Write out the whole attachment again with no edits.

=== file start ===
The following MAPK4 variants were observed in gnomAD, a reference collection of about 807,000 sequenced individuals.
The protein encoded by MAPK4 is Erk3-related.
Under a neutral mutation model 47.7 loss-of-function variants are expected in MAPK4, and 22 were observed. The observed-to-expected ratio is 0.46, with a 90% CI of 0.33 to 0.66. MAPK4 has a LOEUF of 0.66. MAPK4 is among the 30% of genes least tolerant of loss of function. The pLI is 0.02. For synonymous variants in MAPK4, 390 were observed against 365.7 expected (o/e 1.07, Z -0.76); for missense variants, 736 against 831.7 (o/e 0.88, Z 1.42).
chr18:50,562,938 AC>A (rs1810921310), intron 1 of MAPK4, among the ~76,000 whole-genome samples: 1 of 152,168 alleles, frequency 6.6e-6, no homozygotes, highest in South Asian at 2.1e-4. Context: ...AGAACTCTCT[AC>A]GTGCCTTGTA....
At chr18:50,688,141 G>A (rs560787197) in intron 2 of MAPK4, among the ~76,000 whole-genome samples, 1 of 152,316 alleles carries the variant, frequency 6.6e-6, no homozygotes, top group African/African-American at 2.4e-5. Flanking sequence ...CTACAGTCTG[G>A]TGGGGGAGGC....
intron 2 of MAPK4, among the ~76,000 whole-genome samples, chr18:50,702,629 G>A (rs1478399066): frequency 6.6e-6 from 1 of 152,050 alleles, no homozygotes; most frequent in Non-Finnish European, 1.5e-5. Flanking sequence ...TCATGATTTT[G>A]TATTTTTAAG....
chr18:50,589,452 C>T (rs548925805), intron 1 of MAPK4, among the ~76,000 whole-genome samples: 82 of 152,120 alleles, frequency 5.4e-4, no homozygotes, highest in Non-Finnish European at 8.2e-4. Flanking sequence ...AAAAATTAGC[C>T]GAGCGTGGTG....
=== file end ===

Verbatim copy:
The following MAPK4 variants were observed in gnomAD, a reference collection of about 807,000 sequenced individuals.
The protein encoded by MAPK4 is Erk3-related.
Under a neutral mutation model 47.7 loss-of-function variants are expected in MAPK4, and 22 were observed. The observed-to-expected ratio is 0.46, with a 90% CI of 0.33 to 0.66. MAPK4 has a LOEUF of 0.66. MAPK4 is among the 30% of genes least tolerant of loss of function. The pLI is 0.02. For synonymous variants in MAPK4, 390 were observed against 365.7 expected (o/e 1.07, Z -0.76); for missense variants, 736 against 831.7 (o/e 0.88, Z 1.42).
chr18:50,562,938 AC>A (rs1810921310), intron 1 of MAPK4, among the ~76,000 whole-genome samples: 1 of 152,168 alleles, frequency 6.6e-6, no homozygotes, highest in South Asian at 2.1e-4. Context: ...AGAACTCTCT[AC>A]GTGCCTTGTA....
At chr18:50,688,141 G>A (rs560787197) in intron 2 of MAPK4, among the ~76,000 whole-genome samples, 1 of 152,316 alleles carries the variant, frequency 6.6e-6, no homozygotes, top group African/African-American at 2.4e-5. Flanking sequence ...CTACAGTCTG[G>A]TGGGGGAGGC....
intron 2 of MAPK4, among the ~76,000 whole-genome samples, chr18:50,702,629 G>A (rs1478399066): frequency 6.6e-6 from 1 of 152,050 alleles, no homozygotes; most frequent in Non-Finnish European, 1.5e-5. Flanking sequence ...TCATGATTTT[G>A]TATTTTTAAG....
chr18:50,589,452 C>T (rs548925805), intron 1 of MAPK4, among the ~76,000 whole-genome samples: 82 of 152,120 alleles, frequency 5.4e-4, no homozygotes, highest in Non-Finnish European at 8.2e-4. Flanking sequence ...AAAAATTAGC[C>T]GAGCGTGGTG....